On our last 2016 episode of Industry Focus: Tech, Motley Fool analysts Dylan Lewis and Simon Erickson preview what investors can expect in the tech space in 2017.

Find out why they think wearable technology will enjoy some new growth avenues, what will probably happen with smart home devices, why M&A might die down from its peak in 2015.

A full transcript follows the video.

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This podcast was recorded on Dec. 23, 2016.

Dylan Lewis: Welcome to Industry Focus, the podcast that dives into a different sector of the stock market every day. It's Friday, December 23rd, and we're looking forward to what 2017 has in store for tech. I'm your host, Dylan Lewis, and I'm joined in studio by Motley Fool premium analyst Simon Erickson. Simon, how's it going?

Simon Erickson: Great, Dylan. Thanks very much for having me.

Lewis: What are your holiday plans?

Erickson: Heading back down to my home state of Texas, where it will be much warmer than up here in Alexandria.

Lewis: I'm doing the opposite. I'm going further north where it will be colder, in New Jersey.

Erickson: I wish you the best of luck.

Lewis: It's going to be a little rough. This is our last show for 2016. Next week, we're actually going to be reairing some of our favorite episodes from the past year, to fill the gap between Christmas and the New Year's holiday. Simon, I was tempted to do the show where we surprised John Rotonti with your posed listener question, ultimately wound up going with something I shot with David Kretzmann about stock-based compensation. It seemed a little bit more relevant. But that was a good time. We should do that again.

Erickson: I'm pretty sure my accent completely gave me away. It was really a terrible accent I tried for John, and I think he was on to me.

Lewis: Because he couldn't see you, he could only hear this wild, hackneyed accent asking him a question about why it's wrong, about value investing, I think?

Erickson: I think so.

Lewis: But, yeah, since this is our last new show of the year, I thought maybe we would look forward to 2017, give listeners an idea of some of the things that we're watching in tech for this upcoming year. I know one thing that you're really hot on is wearable technology, and it possibly morphing beyond the traditional consumer electronics market, right?

Erickson: I think that my first prediction is that wearable devices are going to look much more like medical devices in the coming year or two. We've gotten accustomed to Fitbits tracking our steps, maybe telling us a little bit about how we sleep, and a lot of fitness tracking that is kind of interesting and useful. But they're expanding how these can be used beyond just fitness. I think we're going to start seeing that more, because the real money for this is going to be coming from insurers. Insurers are going to want to see more functionality than just how many steps you're taking or what they're doing today.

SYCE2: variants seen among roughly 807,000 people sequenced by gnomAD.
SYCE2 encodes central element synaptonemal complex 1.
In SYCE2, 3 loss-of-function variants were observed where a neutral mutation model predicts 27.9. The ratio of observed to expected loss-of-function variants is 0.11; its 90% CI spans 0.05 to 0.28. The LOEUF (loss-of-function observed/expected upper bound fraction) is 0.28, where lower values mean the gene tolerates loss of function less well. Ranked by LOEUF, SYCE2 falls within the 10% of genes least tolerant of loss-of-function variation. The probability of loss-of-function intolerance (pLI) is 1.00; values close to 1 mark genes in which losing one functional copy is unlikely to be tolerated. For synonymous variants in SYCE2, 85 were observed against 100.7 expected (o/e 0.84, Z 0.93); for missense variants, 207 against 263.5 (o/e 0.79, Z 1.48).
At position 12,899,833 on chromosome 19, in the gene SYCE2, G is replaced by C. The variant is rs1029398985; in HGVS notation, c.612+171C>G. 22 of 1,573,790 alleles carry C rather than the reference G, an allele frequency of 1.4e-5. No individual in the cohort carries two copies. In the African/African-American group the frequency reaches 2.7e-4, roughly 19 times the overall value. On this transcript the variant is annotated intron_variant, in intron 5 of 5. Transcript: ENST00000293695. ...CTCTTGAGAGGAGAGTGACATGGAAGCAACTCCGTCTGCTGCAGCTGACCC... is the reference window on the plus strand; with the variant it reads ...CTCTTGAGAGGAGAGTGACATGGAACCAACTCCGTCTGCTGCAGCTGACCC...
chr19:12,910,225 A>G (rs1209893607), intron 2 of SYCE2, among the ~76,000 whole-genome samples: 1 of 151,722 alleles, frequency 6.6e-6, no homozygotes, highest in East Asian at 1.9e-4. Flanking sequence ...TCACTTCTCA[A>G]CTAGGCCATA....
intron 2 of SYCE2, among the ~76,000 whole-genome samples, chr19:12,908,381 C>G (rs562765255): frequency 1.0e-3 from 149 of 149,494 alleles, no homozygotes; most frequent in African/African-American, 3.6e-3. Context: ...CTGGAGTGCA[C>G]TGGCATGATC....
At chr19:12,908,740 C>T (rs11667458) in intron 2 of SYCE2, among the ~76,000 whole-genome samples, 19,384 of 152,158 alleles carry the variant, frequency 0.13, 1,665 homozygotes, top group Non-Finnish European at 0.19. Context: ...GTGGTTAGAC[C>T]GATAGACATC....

And we're starting to see some of that already. We've seen now Fitbit (FIT) work with Medtronic for type 2 diabetes to monitor blood sugar and things like this. I think that's going to be my first prediction -- you're going to start seeing a lot more of that where it's more specific applications, but it's going to be tied to insurance reimbursements.

Lewis: Because really, for the insurers, more data is better. They want as much as they can to help build out some of the actuarial tables and some of the pricing for a lot of the plans they're going to be offering. In terms of better understanding patient outcomes and best treatments, there's a lot of applications there as well.

Erickson: We just went to the ConnectedHealth conference here in D.C. just a couple of weeks ago and found out that about 40% of your health is based on behavior, which is very interesting, what are you eating, how active are you, what are you doing out there? And I think that plays into the wearable technology trend. You just have to get to where the money is in this industry. I think that really is from the insurers.

Lewis: I think very often, people can be blind to things that are automated and rote for them because they're just humming in the background. It's a decision that they don't even realize they're making. You have some of these wearables that can help identify that in a big data step back type of way, and that can be very compelling for the insurance and healthcare market.

Erickson: Absolutely.

Lewis: Another area I know you're watching is how some big tech titans will be focusing on the cloud, and it sounds like the smart home market as well.

Erickson: We have Alexa in our home right now --

Lewis: And actually, our podcasts have an integration with Alexa.

Erickson: You can actually ask them to play our podcasts, right?

Lewis: Yeah, if you feel like doing that some time.

Erickson: Getting smarter, right? The Amazon Echo, which is what we refer to as Alexa here, is already a hardware device that was launched in 2015, collecting data for Amazon (AMZN -0.63%) to facilitate more e-commerce transactions. Now, this last year, we saw Google Home introduce their own hardware competing product, so they can get more information on what you're searching for and what you're wanting to do, which, of course, can drive advertising. We've seen that Jeff Bezos has said he has 1,000 employees working on Amazon Echo right now.

Lewis: That's insane.

Erickson: It's really crazy to think about. They've sold 5 million of these already earlier this year. So, this is a really big project for a really big company, and an innovative visionary leader that's not afraid to put money behind some of his best ideas. I really think that not only Amazon but also Google, also Microsoft, also Facebook, are wanting to collect more and more data that you're giving it in your living room, so that they can supplement and improve their businesses.

Lewis: And it seems like a lot of these hardware solutions are really reducing the friction that users have with getting whatever it is that they're searching for, whether it be a podcast, like one of The Motley Fool podcasts, or maybe it's an answer on what the weather is like, or something like that. But, a lot of time, it's ease of use. You look at something like Google's original search algorithm and how that brought the entire tech landscape and navigating the web into something that is simple and easy to find. A lot of what these smart home and more integrated solutions we're seeing from big tech names are doing is something similar, is a next layer on top of that, as I'm seeing at least.